Quick – what’s the first thing you think of when I say “masquerade balls”? Perhaps you think about Romeo meeting Juliet for the first time in Baz Luhrrmann’s epic 90s adaptation or Edgar Allan Poe’s “The Masque of the Red Death” crosses your mind. Maybe you ponder the lonely Phantom of the Opera chasing after Christine. Whatever comes to mind, you might be surprised to learn that the masquerade wasn’t always just about partying and dancing the night away. Throughout history the masquerade has held a host of meanings to our ancestors. Join me on a journey through the years as we cast a spotlight on the masquerade!

Masquerades originated from pagan festivals celebrating the advent of the spring planting season. In the 15th century, this time was known as Carnaval season (yep, you got it – Mardi Gras!) and began after the winter solstice as part of the Feast of Fools. At this point, it was much less high society and more of a cirque du celebration – a time when villagers would gather wearing masks to partake in pageantry. Over time, these parties were taken over more by royalty and increasingly involved Royal Entries (the act of welcoming kings & queens to one’s city), processions celebrating marriage, and other such events of medieval court life. In fact, one of the earliest of these types of balls came in 1393 when Charles V1 of France held the first “Bal des Ardents”, or “Burning Men’s Ball”. (Perhaps there’s some relation to today’s Burning Man?…) This ball changed the whole perception of such events from one of royal pageantry to one of intrigue and risk. How so? Well, Charles V1 had the brilliant idea to celebrate the marriage of the queen’s lady-in-waiting by having 5 of his courtiers and himself dress in masks and flax costumes to dance the night away as “wildsmen of the woods”. The catch? If they danced too closely to one of the many flaming torches lining the dance floor, they caught on fire. Fun…?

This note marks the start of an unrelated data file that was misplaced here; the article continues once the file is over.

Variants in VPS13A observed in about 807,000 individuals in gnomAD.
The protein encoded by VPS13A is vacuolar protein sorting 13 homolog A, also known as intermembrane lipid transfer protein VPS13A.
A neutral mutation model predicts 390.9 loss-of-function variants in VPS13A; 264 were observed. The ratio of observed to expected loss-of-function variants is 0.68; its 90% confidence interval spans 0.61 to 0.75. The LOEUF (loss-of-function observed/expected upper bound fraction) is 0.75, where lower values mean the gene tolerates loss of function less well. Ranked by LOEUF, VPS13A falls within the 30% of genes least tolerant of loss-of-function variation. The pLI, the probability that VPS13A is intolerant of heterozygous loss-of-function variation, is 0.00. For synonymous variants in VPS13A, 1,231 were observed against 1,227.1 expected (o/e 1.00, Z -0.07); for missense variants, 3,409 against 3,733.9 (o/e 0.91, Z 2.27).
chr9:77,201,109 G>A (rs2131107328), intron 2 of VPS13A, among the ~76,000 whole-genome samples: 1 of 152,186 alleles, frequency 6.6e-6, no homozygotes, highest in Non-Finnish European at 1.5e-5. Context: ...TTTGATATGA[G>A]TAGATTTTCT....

By the time masquerade balls reached Italy, they were generally elaborate dances held for the upper class, where scandal reigned. Tied to the Venetian Carnaval, the balls only lasted for a few years until the fall of the Venetian Republic. Fortunately, along came John James Heidegger, a Swiss count who revitalized the popularity of the masquerade across Europe by bringing Venetian costumes to public dances in gardens in London. Along with this move came a name change, due to the reputation for unseemly behavior and unescorted women at masquerades – Ridotto.

Not all balls were fun and games, however. Gustav III of Sweden was assassinated by a disgruntled nobleman at a masquerade, while in 18th century France, balls and Carnaval was increasingly politicized and used to attack the monarchy. In fact, with the French Revolution, Carnaval and masking were temporarily banned till Napoleon brought Carnaval back in 1800. And the masquerade didn’t fare very well in colonial America where there was an actual anti-masquerade movement decrying the immorality and “foreign influence” of such events.

In popular culture, the French and masked balls have been linked so closely that a 1908 American film was titled AT THE FRENCH BALL (a story of adultery at a masquerade). Though with good reason. After Napoleon brought back Carnaval in 1800, the Parisian Carnaval was said to have all but died by 1830. But in 1831 after the July Revolution, it exploded back onto the scene, changing once again into a version akin to Hollywood and the red carpet. A new revolutionary generation was in town and romanticism had arrived. Along with them came the fashion press, satirical dailies, gossip columns, and cheap newspapers, all of whom provided Parisians and readers everywhere a blow-by-blow account of the masked balls during Carnival after 1830. Hundreds of these pamphlets, satires, and fashion magazines supplied running commentary on the pleasures to be found at the Carnaval masked balls at their height in the 1830s and 1840s (including the masked balls that took place in the middle of the Revolution of 1848) and it is this period that became shrouded in myth.

Unfortunately, today the masquerade tends to stay firmly in myth. Night clubs came to replace the daring, scandalous, erstwhile balls and now you’d be hard-pressed to find a true masquerade to attend. If you’ve been lucky enough to attend a masquerade somewhere, leave a comment and tell us all about it! We can merely dream and live vicariously through you. *sighs*